One of the researchers that participated in the development of sausages with fish oil. (Photo: UNLP, www.unlp.edu.ar)
Sausages, from junk to healthy food thanks to fish oil
Wednesday, September 19, 2012, 04:00 (GMT + 9)
A team of researchers from the Centre for Research and Development in Food Cryotechnology (Cidca) of the National University of La Plata (UNLP) and of Conicet managed to develop "healthy sausages," which are low-fat, low-salt, but taste like the traditional ones and have the same colour.
The scientists succeeded in modifying the method of preparing common sausages and obtained a healthier meat product prepared with fish oil. To achieve this goal, the researchers reduced the saturated fats and raised the unsaturated ones with the incorporation of marine oils.
In addition, they added other ingredients that are considered beneficial to health such as phytosterols, a byproduct of soybean refining process, which despite having components that are similar to cholesterol, it is beneficial to health because they lower the blood cholesterol, reported Radio Universidad.
The group of scientists respected the recommendations made by the World Health Organization (WHO) for the preparation of diets: to limit fat intake, replace saturated fat with unsaturated one and eliminate trans fatty acids.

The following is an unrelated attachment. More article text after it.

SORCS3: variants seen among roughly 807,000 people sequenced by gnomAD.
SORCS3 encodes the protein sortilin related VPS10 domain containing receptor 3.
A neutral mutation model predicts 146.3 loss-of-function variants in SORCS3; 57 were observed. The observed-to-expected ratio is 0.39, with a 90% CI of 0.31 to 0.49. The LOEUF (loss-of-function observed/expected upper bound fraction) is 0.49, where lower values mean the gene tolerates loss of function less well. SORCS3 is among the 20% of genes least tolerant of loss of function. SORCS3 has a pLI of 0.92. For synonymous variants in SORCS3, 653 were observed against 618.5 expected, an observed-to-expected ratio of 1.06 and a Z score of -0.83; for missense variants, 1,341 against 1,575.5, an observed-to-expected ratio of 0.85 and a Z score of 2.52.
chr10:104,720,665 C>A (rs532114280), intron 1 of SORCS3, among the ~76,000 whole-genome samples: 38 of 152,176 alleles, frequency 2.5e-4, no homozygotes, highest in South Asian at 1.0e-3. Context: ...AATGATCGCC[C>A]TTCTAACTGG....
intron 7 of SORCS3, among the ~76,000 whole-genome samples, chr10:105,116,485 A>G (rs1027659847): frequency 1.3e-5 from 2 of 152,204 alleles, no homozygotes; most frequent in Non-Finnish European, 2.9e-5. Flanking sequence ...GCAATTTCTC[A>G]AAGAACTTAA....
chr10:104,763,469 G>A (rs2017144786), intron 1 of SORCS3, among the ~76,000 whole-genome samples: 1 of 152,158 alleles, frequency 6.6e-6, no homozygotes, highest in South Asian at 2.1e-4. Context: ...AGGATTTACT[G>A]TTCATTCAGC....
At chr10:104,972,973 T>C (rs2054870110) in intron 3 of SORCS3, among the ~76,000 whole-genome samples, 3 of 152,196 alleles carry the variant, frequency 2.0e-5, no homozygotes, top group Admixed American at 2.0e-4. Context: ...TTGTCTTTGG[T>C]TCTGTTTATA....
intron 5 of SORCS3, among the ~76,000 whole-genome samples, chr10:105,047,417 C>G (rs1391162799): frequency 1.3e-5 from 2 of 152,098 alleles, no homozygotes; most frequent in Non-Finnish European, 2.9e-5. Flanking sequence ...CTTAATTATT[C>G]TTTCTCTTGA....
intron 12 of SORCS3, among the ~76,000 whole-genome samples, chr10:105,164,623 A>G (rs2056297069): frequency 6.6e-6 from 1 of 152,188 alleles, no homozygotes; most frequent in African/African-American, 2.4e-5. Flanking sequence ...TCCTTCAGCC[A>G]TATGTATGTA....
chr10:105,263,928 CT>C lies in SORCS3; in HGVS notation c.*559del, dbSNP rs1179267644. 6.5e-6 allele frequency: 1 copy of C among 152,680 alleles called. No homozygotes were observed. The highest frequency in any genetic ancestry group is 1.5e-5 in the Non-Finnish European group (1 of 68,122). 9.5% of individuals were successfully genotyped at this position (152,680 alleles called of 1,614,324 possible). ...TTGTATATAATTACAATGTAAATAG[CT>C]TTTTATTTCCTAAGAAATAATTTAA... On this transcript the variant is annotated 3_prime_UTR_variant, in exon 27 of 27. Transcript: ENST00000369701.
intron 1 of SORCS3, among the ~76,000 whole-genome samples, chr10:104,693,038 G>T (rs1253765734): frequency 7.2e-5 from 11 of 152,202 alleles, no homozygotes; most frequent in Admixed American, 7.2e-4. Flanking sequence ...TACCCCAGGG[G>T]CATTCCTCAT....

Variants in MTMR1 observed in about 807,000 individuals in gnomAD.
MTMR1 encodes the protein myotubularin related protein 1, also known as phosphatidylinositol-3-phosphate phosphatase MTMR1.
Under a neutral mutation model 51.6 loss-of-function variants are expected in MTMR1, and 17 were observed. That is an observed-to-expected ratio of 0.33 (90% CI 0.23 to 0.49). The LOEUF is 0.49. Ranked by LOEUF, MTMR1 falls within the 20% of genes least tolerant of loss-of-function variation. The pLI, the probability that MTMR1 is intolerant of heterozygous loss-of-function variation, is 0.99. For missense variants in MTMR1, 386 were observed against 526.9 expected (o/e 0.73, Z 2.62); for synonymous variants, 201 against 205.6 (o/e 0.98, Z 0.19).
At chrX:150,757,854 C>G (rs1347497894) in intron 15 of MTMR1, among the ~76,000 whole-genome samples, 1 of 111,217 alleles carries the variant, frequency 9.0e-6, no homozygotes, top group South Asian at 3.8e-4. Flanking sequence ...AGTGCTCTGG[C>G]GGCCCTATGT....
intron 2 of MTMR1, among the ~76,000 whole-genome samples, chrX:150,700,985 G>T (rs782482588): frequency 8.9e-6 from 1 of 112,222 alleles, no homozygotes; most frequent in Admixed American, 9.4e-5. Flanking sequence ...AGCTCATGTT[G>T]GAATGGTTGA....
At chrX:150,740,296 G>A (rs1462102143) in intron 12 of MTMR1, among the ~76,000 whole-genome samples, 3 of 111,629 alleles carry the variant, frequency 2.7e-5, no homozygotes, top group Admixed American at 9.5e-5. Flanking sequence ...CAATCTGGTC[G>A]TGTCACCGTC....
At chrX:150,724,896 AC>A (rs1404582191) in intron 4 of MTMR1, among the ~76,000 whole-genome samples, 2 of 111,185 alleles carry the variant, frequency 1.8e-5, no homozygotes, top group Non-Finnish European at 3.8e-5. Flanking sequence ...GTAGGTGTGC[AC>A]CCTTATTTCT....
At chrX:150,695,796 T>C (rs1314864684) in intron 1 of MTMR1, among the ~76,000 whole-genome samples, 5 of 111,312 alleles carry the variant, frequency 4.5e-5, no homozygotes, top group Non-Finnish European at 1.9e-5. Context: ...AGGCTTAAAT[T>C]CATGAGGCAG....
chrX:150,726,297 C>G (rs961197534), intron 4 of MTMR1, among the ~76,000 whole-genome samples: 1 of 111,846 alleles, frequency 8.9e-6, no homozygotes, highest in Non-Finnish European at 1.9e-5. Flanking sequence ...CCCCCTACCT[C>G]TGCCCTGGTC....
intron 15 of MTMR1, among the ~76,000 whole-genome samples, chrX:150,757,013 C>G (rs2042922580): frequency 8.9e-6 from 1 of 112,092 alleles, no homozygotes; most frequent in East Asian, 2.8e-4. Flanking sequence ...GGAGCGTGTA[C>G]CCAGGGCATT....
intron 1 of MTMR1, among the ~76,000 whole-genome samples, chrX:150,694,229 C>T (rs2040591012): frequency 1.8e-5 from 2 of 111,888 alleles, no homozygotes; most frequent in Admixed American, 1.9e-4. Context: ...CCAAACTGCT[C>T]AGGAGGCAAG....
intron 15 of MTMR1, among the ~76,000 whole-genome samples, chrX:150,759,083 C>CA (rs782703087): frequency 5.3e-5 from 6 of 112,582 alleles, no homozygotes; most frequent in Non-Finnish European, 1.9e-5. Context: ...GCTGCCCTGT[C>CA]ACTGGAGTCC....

Consumers are now more aware of the importance of healthy eating and hope to have a full, balanced and natural supply.
"This poses new challenges to produce mass consuming foods but with healthier alternatives using ingredients that are beneficial to health," said Dr Alicia Califano, who led the research. "This work could reduce the fat content of sausages by 5 per cent – the common ones contain 20 per cent -- in turn replacing saturated fat by fish oil without changing its traditional flavour."
"This way, kids are able to incorporate marine oil to their diet, as fish is not widely consumed during childhood," she added.
The scientists involved in this research argue that "the product will offer healthy, safe and good quality alternatives to the food industry to provide people of all ages with a type of food that reduces the risk of developing chronic diseases and thus achieve better quality of life."
Cidca-Conicet development was awarded 2011 IPCV Prize for the Technological Innovation introduced to Beef, granted by the National Beef Promotion Institute.
By Analia Murias